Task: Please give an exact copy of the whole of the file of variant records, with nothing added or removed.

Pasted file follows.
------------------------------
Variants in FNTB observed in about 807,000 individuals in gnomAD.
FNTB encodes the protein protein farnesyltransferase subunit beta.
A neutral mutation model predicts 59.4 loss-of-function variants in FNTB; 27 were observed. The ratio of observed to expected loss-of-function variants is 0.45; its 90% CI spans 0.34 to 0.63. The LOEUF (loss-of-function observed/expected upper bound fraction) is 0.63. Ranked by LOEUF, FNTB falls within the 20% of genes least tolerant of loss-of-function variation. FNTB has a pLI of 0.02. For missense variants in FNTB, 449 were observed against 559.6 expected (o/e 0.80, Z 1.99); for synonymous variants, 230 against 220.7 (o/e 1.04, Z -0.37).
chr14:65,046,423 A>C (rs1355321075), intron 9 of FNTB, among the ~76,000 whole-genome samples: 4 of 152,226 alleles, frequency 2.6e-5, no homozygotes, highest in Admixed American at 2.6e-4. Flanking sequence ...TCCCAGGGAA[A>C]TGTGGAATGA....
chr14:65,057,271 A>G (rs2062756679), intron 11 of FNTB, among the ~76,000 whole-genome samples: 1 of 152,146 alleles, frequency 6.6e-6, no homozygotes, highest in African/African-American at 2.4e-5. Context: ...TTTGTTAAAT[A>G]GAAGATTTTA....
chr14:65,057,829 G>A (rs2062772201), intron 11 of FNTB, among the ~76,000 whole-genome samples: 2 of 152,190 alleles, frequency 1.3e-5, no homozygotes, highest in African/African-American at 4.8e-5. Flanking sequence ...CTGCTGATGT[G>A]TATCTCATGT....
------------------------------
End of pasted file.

Variants in FNTB observed in about 807,000 individuals in gnomAD.
FNTB encodes the protein protein farnesyltransferase subunit beta.
A neutral mutation model predicts 59.4 loss-of-function variants in FNTB; 27 were observed. The ratio of observed to expected loss-of-function variants is 0.45; its 90% CI spans 0.34 to 0.63. The LOEUF (loss-of-function observed/expected upper bound fraction) is 0.63. Ranked by LOEUF, FNTB falls within the 20% of genes least tolerant of loss-of-function variation. FNTB has a pLI of 0.02. For missense variants in FNTB, 449 were observed against 559.6 expected (o/e 0.80, Z 1.99); for synonymous variants, 230 against 220.7 (o/e 1.04, Z -0.37).
chr14:65,046,423 A>C (rs1355321075), intron 9 of FNTB, among the ~76,000 whole-genome samples: 4 of 152,226 alleles, frequency 2.6e-5, no homozygotes, highest in Admixed American at 2.6e-4. Flanking sequence ...TCCCAGGGAA[A>C]TGTGGAATGA....
chr14:65,057,271 A>G (rs2062756679), intron 11 of FNTB, among the ~76,000 whole-genome samples: 1 of 152,146 alleles, frequency 6.6e-6, no homozygotes, highest in African/African-American at 2.4e-5. Context: ...TTTGTTAAAT[A>G]GAAGATTTTA....
chr14:65,057,829 G>A (rs2062772201), intron 11 of FNTB, among the ~76,000 whole-genome samples: 2 of 152,190 alleles, frequency 1.3e-5, no homozygotes, highest in African/African-American at 4.8e-5. Flanking sequence ...CTGCTGATGT[G>A]TATCTCATGT....